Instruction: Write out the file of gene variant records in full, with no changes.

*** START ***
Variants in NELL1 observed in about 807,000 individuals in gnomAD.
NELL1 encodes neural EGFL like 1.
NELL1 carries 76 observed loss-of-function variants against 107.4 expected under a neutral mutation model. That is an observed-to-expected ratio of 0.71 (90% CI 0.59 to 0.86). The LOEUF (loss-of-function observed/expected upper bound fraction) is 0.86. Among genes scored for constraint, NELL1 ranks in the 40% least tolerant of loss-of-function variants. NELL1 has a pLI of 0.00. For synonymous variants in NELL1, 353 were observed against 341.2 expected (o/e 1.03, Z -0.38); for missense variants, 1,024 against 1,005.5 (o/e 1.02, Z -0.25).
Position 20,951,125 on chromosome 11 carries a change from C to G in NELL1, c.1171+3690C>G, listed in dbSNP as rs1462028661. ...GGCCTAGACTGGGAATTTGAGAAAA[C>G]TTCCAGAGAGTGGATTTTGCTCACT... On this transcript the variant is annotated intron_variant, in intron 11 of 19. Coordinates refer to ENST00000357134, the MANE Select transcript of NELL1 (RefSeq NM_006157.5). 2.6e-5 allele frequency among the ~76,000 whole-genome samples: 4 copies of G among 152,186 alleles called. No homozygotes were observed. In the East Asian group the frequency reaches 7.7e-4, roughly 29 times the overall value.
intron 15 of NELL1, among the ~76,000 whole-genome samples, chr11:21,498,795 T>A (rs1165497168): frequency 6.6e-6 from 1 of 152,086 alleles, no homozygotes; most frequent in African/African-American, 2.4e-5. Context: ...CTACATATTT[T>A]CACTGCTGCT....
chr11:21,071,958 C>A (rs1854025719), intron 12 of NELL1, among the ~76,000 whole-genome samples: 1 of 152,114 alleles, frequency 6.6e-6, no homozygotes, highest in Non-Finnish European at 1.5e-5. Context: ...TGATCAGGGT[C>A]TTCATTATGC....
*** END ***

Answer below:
Variants in NELL1 observed in about 807,000 individuals in gnomAD.
NELL1 encodes neural EGFL like 1.
NELL1 carries 76 observed loss-of-function variants against 107.4 expected under a neutral mutation model. That is an observed-to-expected ratio of 0.71 (90% CI 0.59 to 0.86). The LOEUF (loss-of-function observed/expected upper bound fraction) is 0.86. Among genes scored for constraint, NELL1 ranks in the 40% least tolerant of loss-of-function variants. NELL1 has a pLI of 0.00. For synonymous variants in NELL1, 353 were observed against 341.2 expected (o/e 1.03, Z -0.38); for missense variants, 1,024 against 1,005.5 (o/e 1.02, Z -0.25).
Position 20,951,125 on chromosome 11 carries a change from C to G in NELL1, c.1171+3690C>G, listed in dbSNP as rs1462028661. ...GGCCTAGACTGGGAATTTGAGAAAA[C>G]TTCCAGAGAGTGGATTTTGCTCACT... On this transcript the variant is annotated intron_variant, in intron 11 of 19. Coordinates refer to ENST00000357134, the MANE Select transcript of NELL1 (RefSeq NM_006157.5). 2.6e-5 allele frequency among the ~76,000 whole-genome samples: 4 copies of G among 152,186 alleles called. No homozygotes were observed. In the East Asian group the frequency reaches 7.7e-4, roughly 29 times the overall value.
intron 15 of NELL1, among the ~76,000 whole-genome samples, chr11:21,498,795 T>A (rs1165497168): frequency 6.6e-6 from 1 of 152,086 alleles, no homozygotes; most frequent in African/African-American, 2.4e-5. Context: ...CTACATATTT[T>A]CACTGCTGCT....
chr11:21,071,958 C>A (rs1854025719), intron 12 of NELL1, among the ~76,000 whole-genome samples: 1 of 152,114 alleles, frequency 6.6e-6, no homozygotes, highest in Non-Finnish European at 1.5e-5. Context: ...TGATCAGGGT[C>A]TTCATTATGC....